In South Carolina, utilities convinced regulators in 2007 to pass the Base Load Review Act, which allowed them to charge customers for large power plants before they were built. The companies used the law to charge customers $37 million per month for the V.C. Summer nuclear project — until they abandoned it in July of 2017 due to delays and cost overruns.
Those laws are "not entirely the same as the multi-year rate plan," Ledford said, "but it's pretty similar function."
Rountree did not respond to inquiries on how SB 559 differs from the Virginia and North Carolina laws. Ledford said the legacy of those policies shows that Duke's plan could backfire.
"And what happened [in Virginia] resulted in billions of dollars of over-recovery and then Dominion becoming so toxic politically that legislators who were running on platforms of, 'I'm not taking Dominion's money," he said. "It seems imprudent for North Carolina to move forward with this given the situations that we have in our neighboring states."
Lack of stakeholder process
Skeptical lawmakers also highlighted the speed at which the ratemaking changes are moving through the legislative process.
"While there was no formal legislative stakeholder process, we have and continue to be committed to gaining feedback from our customers and stakeholders on energy issues that affect them," said Rountree.
"This is a pretty significant change in the way the utilities commission handles rate cases and I don't think it's something that should be decided by a couple of committee meetings and a couple of floor votes," Rep. Pricey Harrison, D, told Utility Dive.
"This sort of change usually involves a sort of stakeholder process," said Harrison, who is one of the primary sponsors on a bill that would prevent Duke from passing coal ash clean up costs on to ratepayers.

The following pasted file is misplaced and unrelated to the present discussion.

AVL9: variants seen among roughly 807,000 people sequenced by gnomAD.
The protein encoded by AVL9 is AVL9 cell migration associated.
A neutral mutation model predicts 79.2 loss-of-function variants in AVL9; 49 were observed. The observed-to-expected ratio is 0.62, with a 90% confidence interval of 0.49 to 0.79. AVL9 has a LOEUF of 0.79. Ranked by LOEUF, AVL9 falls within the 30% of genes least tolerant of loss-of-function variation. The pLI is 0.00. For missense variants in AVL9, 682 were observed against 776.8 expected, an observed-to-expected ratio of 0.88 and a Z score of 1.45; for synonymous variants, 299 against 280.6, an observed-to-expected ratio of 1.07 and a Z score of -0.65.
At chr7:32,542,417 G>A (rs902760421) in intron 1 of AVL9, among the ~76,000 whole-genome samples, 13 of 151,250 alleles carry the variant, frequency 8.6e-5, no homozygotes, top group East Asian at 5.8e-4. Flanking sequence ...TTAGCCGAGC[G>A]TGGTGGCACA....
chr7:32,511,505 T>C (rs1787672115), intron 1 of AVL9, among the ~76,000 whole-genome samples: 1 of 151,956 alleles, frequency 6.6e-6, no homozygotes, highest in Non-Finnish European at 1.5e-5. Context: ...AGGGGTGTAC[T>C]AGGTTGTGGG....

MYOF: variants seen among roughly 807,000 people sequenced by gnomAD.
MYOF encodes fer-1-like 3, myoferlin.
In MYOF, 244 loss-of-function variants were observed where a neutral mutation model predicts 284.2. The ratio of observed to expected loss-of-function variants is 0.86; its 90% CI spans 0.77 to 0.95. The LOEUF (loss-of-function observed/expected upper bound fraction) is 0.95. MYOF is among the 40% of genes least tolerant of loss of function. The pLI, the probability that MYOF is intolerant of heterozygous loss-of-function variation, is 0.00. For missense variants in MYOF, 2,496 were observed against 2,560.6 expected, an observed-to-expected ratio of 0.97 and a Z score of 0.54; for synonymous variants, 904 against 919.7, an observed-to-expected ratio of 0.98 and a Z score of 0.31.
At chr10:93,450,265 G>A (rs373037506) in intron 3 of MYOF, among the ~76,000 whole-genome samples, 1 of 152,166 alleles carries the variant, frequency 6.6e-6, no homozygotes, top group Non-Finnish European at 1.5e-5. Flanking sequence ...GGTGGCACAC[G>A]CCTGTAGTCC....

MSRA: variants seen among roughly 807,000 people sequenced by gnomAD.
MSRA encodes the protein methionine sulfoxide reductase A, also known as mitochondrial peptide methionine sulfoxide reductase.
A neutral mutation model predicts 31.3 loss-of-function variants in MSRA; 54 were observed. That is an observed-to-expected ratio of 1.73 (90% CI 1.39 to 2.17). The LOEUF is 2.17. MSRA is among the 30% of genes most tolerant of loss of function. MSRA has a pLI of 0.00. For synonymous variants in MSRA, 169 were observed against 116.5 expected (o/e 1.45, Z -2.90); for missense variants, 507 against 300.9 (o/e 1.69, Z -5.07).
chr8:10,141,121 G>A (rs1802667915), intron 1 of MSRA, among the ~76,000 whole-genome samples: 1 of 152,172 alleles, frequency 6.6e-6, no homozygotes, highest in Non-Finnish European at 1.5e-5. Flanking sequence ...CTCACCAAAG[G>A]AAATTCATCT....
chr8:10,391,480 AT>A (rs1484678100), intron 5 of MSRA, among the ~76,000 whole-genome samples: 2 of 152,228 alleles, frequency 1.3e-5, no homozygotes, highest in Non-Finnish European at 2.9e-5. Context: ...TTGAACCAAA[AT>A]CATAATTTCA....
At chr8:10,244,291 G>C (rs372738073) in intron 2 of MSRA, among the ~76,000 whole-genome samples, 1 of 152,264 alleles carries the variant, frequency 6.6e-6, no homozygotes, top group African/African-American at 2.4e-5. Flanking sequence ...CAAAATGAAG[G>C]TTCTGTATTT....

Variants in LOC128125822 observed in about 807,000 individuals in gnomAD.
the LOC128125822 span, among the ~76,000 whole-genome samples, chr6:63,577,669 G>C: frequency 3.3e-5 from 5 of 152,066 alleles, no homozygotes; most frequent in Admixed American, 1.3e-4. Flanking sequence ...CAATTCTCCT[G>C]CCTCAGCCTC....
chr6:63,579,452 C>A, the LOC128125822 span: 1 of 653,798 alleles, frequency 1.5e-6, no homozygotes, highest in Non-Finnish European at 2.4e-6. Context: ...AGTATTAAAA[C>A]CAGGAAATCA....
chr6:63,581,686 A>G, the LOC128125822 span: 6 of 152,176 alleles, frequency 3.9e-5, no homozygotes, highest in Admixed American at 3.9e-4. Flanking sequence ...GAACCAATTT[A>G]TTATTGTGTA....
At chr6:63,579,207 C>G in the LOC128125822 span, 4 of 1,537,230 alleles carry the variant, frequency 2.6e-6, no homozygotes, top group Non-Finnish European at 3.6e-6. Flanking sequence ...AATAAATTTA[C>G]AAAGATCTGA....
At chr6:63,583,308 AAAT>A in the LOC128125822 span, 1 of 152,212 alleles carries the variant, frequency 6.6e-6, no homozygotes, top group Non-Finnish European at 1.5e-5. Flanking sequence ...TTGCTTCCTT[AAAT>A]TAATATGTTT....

"I don't know why [Duke] did not involve stakeholders," Ledford said, adding they meet with the utility about "everything under the sun" including much smaller legislative changes than what this bill proposes.
In this case, NCSEA was informed of the bill only a week before it was introduced.
"And even then, we did not have the opportunity to provide feedback or even see exact legislative language," he said. "It was just them telling us that they were going to pursue this."
The North Carolina bill has the backing of several lawmakers in the state, including the Senate majority president pro tem and the senior chairwoman of the House Finance Committee, according to local media. Those offices did not respond to Utility Dive's request for comment by the time of publication.
The Sustainable Energy Association and other stakeholders were limited to addressing only the securitization portion of SB 559, which would allow the utility to recover certain storm-related costs.
That provision seems to have broader support from lawmakers and environmental groups, said Harrison and Ledford.
The second portion of the bill could get a hearing in the Senate Agriculture, Natural and Economic Resource Committee as soon as Wednesday.